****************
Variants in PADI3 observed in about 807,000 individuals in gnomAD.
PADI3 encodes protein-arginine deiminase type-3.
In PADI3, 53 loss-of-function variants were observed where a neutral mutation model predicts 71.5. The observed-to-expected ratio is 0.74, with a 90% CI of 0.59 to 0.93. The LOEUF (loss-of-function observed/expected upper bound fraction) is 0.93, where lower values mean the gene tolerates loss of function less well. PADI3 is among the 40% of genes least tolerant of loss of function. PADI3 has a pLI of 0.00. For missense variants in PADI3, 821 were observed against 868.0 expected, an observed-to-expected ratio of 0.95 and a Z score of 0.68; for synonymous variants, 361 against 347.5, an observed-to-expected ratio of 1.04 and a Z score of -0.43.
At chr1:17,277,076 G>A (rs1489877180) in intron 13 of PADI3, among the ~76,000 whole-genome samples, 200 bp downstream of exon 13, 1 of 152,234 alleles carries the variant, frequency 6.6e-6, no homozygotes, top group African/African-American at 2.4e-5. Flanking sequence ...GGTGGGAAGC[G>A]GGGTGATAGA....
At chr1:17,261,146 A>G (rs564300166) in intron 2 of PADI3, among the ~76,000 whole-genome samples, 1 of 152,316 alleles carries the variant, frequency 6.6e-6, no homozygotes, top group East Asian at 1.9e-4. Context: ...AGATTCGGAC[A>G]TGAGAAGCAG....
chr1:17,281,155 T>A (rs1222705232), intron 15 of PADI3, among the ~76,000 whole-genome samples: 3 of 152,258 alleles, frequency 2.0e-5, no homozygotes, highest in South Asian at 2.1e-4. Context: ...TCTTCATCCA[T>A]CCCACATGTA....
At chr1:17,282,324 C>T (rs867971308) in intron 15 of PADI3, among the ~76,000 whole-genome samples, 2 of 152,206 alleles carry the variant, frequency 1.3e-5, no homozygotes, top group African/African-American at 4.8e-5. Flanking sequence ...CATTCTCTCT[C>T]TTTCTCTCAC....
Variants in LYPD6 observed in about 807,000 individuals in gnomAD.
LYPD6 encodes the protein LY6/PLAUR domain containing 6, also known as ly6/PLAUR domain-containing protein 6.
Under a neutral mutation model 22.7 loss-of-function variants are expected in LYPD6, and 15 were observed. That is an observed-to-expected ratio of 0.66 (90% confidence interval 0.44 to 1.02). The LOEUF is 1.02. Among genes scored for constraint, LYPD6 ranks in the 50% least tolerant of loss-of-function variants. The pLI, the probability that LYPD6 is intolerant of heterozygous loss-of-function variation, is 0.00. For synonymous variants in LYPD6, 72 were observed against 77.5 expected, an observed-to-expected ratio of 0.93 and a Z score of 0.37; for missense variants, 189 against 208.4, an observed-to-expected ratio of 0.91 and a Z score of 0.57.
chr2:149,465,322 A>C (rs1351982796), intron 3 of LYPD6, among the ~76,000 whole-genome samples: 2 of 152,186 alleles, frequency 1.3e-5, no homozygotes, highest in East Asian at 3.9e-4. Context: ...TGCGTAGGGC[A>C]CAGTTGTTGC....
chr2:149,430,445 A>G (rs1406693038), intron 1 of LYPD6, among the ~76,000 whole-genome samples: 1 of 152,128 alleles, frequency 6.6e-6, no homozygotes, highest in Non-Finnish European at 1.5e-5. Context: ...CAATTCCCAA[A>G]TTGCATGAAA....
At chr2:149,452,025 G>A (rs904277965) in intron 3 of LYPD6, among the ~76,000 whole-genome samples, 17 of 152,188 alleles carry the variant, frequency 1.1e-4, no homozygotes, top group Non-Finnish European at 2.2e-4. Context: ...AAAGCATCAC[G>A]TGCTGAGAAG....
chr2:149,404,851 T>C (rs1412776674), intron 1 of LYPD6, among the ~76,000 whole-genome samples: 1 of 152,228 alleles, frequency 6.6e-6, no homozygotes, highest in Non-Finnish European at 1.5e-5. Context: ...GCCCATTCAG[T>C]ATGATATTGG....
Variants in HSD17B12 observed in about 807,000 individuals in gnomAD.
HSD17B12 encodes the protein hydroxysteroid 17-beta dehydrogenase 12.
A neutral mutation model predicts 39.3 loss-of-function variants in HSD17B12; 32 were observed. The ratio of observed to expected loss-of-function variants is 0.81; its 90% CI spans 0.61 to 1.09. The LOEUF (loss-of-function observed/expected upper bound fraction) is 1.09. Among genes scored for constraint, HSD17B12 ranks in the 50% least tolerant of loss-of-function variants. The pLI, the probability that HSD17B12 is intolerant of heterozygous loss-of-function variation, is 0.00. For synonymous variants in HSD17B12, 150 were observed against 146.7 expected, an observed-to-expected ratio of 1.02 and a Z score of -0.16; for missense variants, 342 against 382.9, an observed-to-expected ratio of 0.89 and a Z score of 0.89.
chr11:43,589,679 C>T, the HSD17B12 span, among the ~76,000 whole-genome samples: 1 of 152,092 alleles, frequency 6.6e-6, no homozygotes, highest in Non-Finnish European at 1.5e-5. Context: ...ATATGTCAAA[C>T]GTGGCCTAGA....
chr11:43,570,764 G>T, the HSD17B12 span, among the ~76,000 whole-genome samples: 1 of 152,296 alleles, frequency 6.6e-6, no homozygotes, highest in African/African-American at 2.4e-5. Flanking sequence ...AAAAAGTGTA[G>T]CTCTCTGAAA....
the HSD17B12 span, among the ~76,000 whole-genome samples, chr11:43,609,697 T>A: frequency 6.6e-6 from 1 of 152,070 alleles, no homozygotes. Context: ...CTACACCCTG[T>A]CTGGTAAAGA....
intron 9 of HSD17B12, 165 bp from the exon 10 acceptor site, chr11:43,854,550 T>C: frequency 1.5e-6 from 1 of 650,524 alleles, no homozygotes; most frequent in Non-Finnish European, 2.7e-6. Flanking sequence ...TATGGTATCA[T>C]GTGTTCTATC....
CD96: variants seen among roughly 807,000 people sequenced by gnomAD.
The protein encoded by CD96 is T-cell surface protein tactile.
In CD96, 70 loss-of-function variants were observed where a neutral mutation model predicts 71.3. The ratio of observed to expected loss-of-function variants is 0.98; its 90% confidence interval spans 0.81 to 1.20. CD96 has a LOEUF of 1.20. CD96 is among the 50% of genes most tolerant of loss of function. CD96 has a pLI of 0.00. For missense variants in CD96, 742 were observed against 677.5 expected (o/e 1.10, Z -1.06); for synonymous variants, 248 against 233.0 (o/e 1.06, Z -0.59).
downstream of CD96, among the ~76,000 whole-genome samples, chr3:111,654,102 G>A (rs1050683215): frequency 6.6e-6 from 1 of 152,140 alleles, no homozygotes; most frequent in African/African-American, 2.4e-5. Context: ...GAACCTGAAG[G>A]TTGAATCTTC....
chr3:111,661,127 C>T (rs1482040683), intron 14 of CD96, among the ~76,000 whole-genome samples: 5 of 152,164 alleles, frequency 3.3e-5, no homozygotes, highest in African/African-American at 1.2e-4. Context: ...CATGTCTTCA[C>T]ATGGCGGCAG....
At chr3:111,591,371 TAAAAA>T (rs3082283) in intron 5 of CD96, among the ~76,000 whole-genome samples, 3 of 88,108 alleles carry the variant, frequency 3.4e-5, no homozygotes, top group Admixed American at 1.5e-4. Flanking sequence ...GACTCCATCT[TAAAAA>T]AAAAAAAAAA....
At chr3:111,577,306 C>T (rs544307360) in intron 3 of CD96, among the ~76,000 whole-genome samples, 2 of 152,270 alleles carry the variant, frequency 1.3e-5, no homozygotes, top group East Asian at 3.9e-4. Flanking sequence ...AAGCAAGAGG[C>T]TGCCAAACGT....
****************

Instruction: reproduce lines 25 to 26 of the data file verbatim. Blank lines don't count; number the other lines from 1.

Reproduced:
downstream of CD96, among the ~76,000 whole-genome samples, chr3:111,654,102 G>A (rs1050683215): frequency 6.6e-6 from 1 of 152,140 alleles, no homozygotes; most frequent in African/African-American, 2.4e-5. Context: ...GAACCTGAAG[G>A]TTGAATCTTC....
chr3:111,661,127 C>T (rs1482040683), intron 14 of CD96, among the ~76,000 whole-genome samples: 5 of 152,164 alleles, frequency 3.3e-5, no homozygotes, highest in African/African-American at 1.2e-4. Context: ...CATGTCTTCA[C>T]ATGGCGGCAG....